SEARCH 2000 Games

Friday, April 14, 2000
New USOC drug boss: We'll catch the cheaters

 BOSTON (AP) -- Vowing to "catch the cheaters," Terry Madden took over Friday as chief executive officer of the new U.S. Anti-Doping Agency.

 Madden, who resigned as chief of staff to U.S. Olympic Committee president Bill Hybl, said the new independent agency plans to conduct more than 5,000 tests on athletes next year, at least half of those tests with no advanced notice.

 The agency will have a budget of more than $6 million in its first year, including $2 million in research to come up with better tests for existing performance-enhancing drugs and to stay up to speed with new drugs that might come along.

 The new agency also will have the power to punish the athletes.

 "We will be the prosecutors of America's athletes," Madden said at the USOC's executive committee meeting. "We will protect the innocent but we're going to catch the cheaters and we're going to aggressively prosecute those athletes.

 "In the next two years we hope to make an impact, beginning Oct. 1 of this year, so that when we come around to Salt Lake City, the games will be clean for America's athletes."

 Former Olympic marathon champion Frank Shorter, who will serve as chairman of the agency, said the time is right for a worldwide push against doping in sports.

 "Everyone senses this is it," Shorter said, citing a confluence of events from the Tour de France doping scandal to the Olympic drug summit to the Salt Lake City bribery scandal that led to a focus on cheating. "We are at the point where this has to end."

 Doping at the elite level, Shorter said, is so pervasive that many athletes feel they have no choice but to take drugs to compete.

 "The athletes really feel that as it stands today, if the EPO test and the blood test for human growth hormone and the carbon isotope test aren't in place for Sydney, yes, they will be at a disadvantage," Shorter said. "There's almost a sense of resignation. Their attitude is we want to be tested for everything.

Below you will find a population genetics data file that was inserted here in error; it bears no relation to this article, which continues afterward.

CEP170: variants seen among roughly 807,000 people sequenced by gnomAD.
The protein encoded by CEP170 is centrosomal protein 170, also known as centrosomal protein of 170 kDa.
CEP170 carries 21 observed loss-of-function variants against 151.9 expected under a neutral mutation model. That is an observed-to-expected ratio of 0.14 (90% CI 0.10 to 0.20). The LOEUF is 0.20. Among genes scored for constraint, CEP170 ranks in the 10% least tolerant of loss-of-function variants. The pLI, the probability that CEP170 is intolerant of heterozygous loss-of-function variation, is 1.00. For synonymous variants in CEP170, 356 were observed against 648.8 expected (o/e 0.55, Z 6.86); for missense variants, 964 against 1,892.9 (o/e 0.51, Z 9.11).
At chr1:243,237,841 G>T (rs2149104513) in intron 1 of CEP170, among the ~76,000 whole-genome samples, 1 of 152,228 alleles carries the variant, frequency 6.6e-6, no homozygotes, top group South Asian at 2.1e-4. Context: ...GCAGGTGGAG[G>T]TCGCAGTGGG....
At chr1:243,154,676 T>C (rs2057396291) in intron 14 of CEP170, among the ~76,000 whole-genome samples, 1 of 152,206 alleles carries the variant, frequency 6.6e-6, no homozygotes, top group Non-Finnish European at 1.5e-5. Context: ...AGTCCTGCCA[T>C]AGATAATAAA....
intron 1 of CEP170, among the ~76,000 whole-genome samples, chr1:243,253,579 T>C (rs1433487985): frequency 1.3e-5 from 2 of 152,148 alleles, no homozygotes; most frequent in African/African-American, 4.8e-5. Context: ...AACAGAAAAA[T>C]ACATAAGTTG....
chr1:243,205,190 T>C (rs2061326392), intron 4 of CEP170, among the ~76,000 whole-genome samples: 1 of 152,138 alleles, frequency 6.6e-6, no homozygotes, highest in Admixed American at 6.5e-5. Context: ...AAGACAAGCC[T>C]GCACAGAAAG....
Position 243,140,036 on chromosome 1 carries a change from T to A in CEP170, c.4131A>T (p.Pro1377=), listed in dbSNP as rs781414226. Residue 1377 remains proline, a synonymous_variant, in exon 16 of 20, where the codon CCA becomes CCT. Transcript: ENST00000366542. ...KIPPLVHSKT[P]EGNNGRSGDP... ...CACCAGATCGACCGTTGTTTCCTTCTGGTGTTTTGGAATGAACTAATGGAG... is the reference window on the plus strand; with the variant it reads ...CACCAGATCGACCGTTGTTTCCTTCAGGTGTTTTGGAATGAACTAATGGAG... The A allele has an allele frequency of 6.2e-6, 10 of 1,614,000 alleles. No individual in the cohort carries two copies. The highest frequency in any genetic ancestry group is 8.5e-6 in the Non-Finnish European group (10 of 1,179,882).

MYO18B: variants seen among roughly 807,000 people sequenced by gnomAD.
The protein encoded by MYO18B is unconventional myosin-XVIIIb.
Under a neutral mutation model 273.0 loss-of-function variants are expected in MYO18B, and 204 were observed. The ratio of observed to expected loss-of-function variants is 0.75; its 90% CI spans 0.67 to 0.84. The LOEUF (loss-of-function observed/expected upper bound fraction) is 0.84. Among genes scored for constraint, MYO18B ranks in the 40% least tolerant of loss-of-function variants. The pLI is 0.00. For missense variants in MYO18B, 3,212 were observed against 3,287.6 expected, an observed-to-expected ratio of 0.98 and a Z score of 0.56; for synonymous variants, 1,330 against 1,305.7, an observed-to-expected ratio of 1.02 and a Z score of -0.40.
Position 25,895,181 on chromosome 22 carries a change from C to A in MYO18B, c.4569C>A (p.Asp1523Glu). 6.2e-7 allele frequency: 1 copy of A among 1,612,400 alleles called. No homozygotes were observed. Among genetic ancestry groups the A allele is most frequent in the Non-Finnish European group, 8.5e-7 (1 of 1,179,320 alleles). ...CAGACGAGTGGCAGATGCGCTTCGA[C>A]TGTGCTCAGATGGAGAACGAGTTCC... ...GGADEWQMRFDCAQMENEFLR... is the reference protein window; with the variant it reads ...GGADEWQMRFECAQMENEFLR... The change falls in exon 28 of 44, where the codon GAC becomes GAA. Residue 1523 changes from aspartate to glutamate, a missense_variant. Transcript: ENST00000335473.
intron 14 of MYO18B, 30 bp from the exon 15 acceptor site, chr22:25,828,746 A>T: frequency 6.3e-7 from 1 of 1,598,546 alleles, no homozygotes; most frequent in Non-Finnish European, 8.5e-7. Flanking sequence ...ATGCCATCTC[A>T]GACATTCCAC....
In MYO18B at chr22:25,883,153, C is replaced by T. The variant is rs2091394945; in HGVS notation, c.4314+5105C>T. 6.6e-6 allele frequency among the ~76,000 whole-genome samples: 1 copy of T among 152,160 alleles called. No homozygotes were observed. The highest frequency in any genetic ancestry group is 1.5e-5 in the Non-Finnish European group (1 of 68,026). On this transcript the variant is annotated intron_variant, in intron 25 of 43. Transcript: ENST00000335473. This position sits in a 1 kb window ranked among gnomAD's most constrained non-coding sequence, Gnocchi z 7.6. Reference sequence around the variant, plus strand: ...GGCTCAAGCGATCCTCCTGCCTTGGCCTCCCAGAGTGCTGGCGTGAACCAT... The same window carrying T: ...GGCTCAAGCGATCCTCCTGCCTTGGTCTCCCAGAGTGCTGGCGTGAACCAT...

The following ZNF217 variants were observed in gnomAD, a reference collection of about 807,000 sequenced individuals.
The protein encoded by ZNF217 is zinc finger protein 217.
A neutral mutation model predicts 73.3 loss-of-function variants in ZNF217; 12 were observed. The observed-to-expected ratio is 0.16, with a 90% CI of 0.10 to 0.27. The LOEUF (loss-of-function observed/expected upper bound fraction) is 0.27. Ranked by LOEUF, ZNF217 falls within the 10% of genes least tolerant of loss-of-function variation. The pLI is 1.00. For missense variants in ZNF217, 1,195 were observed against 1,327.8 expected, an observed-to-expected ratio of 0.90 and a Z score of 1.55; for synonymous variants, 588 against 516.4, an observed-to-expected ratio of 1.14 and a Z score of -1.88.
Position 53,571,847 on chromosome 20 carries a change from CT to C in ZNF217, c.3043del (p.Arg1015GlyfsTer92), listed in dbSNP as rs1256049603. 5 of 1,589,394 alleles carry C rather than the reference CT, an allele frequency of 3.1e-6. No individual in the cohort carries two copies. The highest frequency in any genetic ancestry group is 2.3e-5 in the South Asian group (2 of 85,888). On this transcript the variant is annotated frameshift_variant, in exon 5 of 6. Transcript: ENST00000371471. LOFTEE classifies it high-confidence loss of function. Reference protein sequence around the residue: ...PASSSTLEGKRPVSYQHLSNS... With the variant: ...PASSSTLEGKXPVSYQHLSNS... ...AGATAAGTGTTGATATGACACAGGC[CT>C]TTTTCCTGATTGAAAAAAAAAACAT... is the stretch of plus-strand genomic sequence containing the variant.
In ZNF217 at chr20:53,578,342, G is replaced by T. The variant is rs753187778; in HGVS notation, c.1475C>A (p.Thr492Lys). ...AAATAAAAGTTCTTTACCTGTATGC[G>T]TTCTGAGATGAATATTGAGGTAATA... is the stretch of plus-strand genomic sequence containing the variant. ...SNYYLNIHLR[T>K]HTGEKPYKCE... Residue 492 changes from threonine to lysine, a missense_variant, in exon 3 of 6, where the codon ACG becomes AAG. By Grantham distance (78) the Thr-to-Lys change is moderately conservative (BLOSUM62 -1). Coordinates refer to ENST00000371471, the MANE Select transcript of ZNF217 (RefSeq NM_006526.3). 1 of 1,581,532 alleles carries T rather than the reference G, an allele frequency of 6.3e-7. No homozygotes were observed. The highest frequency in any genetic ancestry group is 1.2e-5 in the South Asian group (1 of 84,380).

"Any 14-year-old aspiring strength or endurance athlete in the world today who really wants to emulate his or her star knows that the way things stand they will have no choice but to go on these drugs."

 Madden acknowledged the influence of professional athletes on the sports culture and said he will work with the pro leagues and their players unions to bring them in line with Olympic drug guidelines. But Madden knows it won't be easy. The NBA recently announced it would ban androstenedione, only to see the players association reject the ban.

 "I think the NBA will resolve this issue in favor of banning andro," Madden said. "I think this just needs to be worked through with the union."

 The new agency is starting at "ground zero," Madden said, with no staff at the moment.

 "We need to be up and running in five months. We're going to do it," he said. "We'll conduct over 5,000 tests in 2001. Right now I think drug control at the USOC did 26 percent no-advanced-notice tests in 1999. That percentage will gradually grow. Our target level the first year will be a minimum of 50 percent no-advanced-notice testing as opposed to in-competition testing. We're going to show up unannounced and test our athletes."

 The new agency takes the prosecution of athletes out of the hands of the national governing bodies of the sports.

 "The NGBs wanted out of this business," Madden said. "They were the prosecutors at level one, so in effect they were prosecuting an athlete that was in their system, who they were hoping would win medals for them."

 "No matter what people's intentions," Shorter said, "the system had an inherent conflict of interest. That conflict of interest always had to have an effect on the efficiency of the system and the speed at which things got done.

 "Now this body is going to be truly independent. It's somewhere between the government and the USOC. We've received funding from both parties, and we're expected to be independent."

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